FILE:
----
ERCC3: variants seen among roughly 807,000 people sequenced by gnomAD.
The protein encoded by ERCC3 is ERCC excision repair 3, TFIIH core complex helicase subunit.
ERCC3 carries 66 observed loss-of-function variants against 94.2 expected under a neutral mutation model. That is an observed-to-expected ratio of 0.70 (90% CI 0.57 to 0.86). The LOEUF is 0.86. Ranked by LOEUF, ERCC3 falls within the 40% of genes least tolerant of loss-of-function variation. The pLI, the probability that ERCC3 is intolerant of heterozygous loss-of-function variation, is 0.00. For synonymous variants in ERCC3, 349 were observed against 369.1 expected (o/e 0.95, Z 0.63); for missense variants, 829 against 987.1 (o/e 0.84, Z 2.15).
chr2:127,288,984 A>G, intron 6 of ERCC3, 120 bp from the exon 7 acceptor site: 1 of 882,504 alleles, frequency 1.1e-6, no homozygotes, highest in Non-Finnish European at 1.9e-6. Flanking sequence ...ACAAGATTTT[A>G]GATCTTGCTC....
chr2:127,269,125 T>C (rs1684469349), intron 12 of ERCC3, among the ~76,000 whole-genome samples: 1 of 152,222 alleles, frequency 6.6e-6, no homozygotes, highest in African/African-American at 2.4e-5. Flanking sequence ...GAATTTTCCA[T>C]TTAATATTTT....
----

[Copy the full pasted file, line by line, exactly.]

ERCC3: variants seen among roughly 807,000 people sequenced by gnomAD.
The protein encoded by ERCC3 is ERCC excision repair 3, TFIIH core complex helicase subunit.
ERCC3 carries 66 observed loss-of-function variants against 94.2 expected under a neutral mutation model. That is an observed-to-expected ratio of 0.70 (90% CI 0.57 to 0.86). The LOEUF is 0.86. Ranked by LOEUF, ERCC3 falls within the 40% of genes least tolerant of loss-of-function variation. The pLI, the probability that ERCC3 is intolerant of heterozygous loss-of-function variation, is 0.00. For synonymous variants in ERCC3, 349 were observed against 369.1 expected (o/e 0.95, Z 0.63); for missense variants, 829 against 987.1 (o/e 0.84, Z 2.15).
chr2:127,288,984 A>G, intron 6 of ERCC3, 120 bp from the exon 7 acceptor site: 1 of 882,504 alleles, frequency 1.1e-6, no homozygotes, highest in Non-Finnish European at 1.9e-6. Flanking sequence ...ACAAGATTTT[A>G]GATCTTGCTC....
chr2:127,269,125 T>C (rs1684469349), intron 12 of ERCC3, among the ~76,000 whole-genome samples: 1 of 152,222 alleles, frequency 6.6e-6, no homozygotes, highest in African/African-American at 2.4e-5. Flanking sequence ...GAATTTTCCA[T>C]TTAATATTTT....